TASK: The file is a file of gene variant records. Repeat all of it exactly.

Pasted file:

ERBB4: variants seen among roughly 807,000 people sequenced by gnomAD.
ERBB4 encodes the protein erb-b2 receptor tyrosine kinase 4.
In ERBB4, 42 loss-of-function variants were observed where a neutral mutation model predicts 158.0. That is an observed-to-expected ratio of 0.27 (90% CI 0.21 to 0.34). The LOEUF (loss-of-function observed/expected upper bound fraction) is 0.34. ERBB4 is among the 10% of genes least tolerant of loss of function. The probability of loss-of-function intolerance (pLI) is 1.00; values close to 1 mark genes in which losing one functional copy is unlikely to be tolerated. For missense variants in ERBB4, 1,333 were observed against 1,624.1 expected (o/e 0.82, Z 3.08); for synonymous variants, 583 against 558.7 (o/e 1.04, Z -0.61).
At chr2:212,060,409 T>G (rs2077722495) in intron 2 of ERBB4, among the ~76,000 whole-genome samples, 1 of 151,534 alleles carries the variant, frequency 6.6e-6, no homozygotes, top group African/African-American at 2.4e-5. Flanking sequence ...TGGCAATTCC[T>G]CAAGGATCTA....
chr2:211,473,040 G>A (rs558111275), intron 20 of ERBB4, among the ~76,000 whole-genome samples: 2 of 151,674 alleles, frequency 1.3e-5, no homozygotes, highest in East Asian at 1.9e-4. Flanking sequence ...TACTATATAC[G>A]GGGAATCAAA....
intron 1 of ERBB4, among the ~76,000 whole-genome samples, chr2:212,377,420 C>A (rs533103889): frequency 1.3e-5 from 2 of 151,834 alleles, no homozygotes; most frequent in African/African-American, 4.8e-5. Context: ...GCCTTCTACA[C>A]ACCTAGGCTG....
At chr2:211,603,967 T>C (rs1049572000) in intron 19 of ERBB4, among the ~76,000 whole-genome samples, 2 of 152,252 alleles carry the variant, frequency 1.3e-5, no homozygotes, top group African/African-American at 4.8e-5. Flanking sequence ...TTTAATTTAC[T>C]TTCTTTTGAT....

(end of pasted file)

ERBB4: variants seen among roughly 807,000 people sequenced by gnomAD.
ERBB4 encodes the protein erb-b2 receptor tyrosine kinase 4.
In ERBB4, 42 loss-of-function variants were observed where a neutral mutation model predicts 158.0. That is an observed-to-expected ratio of 0.27 (90% CI 0.21 to 0.34). The LOEUF (loss-of-function observed/expected upper bound fraction) is 0.34. ERBB4 is among the 10% of genes least tolerant of loss of function. The probability of loss-of-function intolerance (pLI) is 1.00; values close to 1 mark genes in which losing one functional copy is unlikely to be tolerated. For missense variants in ERBB4, 1,333 were observed against 1,624.1 expected (o/e 0.82, Z 3.08); for synonymous variants, 583 against 558.7 (o/e 1.04, Z -0.61).
At chr2:212,060,409 T>G (rs2077722495) in intron 2 of ERBB4, among the ~76,000 whole-genome samples, 1 of 151,534 alleles carries the variant, frequency 6.6e-6, no homozygotes, top group African/African-American at 2.4e-5. Flanking sequence ...TGGCAATTCC[T>G]CAAGGATCTA....
chr2:211,473,040 G>A (rs558111275), intron 20 of ERBB4, among the ~76,000 whole-genome samples: 2 of 151,674 alleles, frequency 1.3e-5, no homozygotes, highest in East Asian at 1.9e-4. Flanking sequence ...TACTATATAC[G>A]GGGAATCAAA....
intron 1 of ERBB4, among the ~76,000 whole-genome samples, chr2:212,377,420 C>A (rs533103889): frequency 1.3e-5 from 2 of 151,834 alleles, no homozygotes; most frequent in African/African-American, 4.8e-5. Context: ...GCCTTCTACA[C>A]ACCTAGGCTG....
At chr2:211,603,967 T>C (rs1049572000) in intron 19 of ERBB4, among the ~76,000 whole-genome samples, 2 of 152,252 alleles carry the variant, frequency 1.3e-5, no homozygotes, top group African/African-American at 4.8e-5. Flanking sequence ...TTTAATTTAC[T>C]TTCTTTTGAT....